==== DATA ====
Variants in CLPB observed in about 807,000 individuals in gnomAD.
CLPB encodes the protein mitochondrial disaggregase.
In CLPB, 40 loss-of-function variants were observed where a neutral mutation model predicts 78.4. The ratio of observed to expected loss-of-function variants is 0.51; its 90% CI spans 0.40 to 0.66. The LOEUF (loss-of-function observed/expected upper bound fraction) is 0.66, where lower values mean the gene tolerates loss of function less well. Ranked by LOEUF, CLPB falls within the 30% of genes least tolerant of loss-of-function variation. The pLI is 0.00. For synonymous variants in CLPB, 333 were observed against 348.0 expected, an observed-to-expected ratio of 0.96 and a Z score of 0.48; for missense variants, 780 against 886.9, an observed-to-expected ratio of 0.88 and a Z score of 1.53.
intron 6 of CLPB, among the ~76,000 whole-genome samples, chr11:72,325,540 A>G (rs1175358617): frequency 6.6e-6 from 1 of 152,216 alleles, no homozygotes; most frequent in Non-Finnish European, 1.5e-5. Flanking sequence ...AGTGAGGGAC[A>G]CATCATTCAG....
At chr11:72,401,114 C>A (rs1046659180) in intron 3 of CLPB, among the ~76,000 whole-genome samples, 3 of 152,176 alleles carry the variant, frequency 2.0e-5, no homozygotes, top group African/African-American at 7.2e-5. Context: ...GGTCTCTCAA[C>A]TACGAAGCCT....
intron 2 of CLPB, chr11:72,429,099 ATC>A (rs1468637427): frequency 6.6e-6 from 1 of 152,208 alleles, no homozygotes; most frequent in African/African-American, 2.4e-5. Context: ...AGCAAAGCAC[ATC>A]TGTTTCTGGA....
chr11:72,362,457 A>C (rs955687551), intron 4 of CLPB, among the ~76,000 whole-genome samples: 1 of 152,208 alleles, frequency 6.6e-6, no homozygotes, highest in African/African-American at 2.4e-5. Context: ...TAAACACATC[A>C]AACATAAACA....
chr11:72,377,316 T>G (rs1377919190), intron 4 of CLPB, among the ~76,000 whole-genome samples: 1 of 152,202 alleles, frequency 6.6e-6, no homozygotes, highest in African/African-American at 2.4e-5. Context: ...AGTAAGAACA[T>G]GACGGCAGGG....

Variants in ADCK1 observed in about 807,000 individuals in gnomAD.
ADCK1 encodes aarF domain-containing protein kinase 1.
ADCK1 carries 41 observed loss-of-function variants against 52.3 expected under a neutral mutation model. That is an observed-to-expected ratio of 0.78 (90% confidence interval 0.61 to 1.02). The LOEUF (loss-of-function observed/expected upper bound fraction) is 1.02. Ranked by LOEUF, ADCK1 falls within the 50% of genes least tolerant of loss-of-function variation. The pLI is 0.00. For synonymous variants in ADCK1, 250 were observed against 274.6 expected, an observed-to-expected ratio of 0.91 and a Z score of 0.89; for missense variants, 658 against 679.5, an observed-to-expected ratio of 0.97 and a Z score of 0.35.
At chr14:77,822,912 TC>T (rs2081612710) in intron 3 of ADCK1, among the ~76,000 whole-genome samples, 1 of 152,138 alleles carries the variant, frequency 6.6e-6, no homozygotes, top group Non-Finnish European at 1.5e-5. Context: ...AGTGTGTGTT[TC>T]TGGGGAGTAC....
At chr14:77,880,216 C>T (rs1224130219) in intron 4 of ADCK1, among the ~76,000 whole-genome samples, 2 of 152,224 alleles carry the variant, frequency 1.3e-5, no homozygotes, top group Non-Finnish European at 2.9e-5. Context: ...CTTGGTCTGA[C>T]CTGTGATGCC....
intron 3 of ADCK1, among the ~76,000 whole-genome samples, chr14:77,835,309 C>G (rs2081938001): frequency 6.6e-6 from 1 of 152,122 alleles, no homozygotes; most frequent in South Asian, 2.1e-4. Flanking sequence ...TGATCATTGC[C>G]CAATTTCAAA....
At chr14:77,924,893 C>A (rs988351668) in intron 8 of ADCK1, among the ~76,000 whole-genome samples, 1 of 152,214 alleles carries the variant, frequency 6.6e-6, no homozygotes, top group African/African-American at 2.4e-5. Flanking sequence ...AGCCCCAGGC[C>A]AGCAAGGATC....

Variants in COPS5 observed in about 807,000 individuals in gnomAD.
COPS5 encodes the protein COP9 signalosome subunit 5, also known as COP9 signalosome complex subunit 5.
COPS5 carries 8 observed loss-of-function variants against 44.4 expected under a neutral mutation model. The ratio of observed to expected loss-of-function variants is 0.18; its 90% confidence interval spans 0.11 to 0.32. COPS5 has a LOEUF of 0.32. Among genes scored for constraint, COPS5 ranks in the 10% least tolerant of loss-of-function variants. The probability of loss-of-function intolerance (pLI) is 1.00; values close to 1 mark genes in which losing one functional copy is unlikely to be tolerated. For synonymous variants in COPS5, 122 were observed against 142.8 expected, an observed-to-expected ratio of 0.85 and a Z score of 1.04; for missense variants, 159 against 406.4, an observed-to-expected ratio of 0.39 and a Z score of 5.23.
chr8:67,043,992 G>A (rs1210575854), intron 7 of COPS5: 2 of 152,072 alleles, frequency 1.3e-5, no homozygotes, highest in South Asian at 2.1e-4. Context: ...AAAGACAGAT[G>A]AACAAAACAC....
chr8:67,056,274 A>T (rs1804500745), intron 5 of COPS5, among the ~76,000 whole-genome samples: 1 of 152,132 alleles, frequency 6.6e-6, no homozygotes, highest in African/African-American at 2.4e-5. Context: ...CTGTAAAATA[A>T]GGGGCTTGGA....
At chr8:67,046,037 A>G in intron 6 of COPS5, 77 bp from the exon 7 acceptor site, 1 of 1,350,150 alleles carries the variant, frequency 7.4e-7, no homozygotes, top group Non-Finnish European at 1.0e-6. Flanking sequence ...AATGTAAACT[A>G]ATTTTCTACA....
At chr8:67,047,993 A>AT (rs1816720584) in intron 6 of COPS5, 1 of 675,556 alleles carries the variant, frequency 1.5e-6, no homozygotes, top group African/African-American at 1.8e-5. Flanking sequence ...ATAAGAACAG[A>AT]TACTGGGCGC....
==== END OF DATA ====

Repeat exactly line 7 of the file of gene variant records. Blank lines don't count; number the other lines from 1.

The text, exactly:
chr11:72,362,457 A>C (rs955687551), intron 4 of CLPB, among the ~76,000 whole-genome samples: 1 of 152,208 alleles, frequency 6.6e-6, no homozygotes, highest in African/African-American at 2.4e-5. Context: ...TAAACACATC[A>C]AACATAAACA....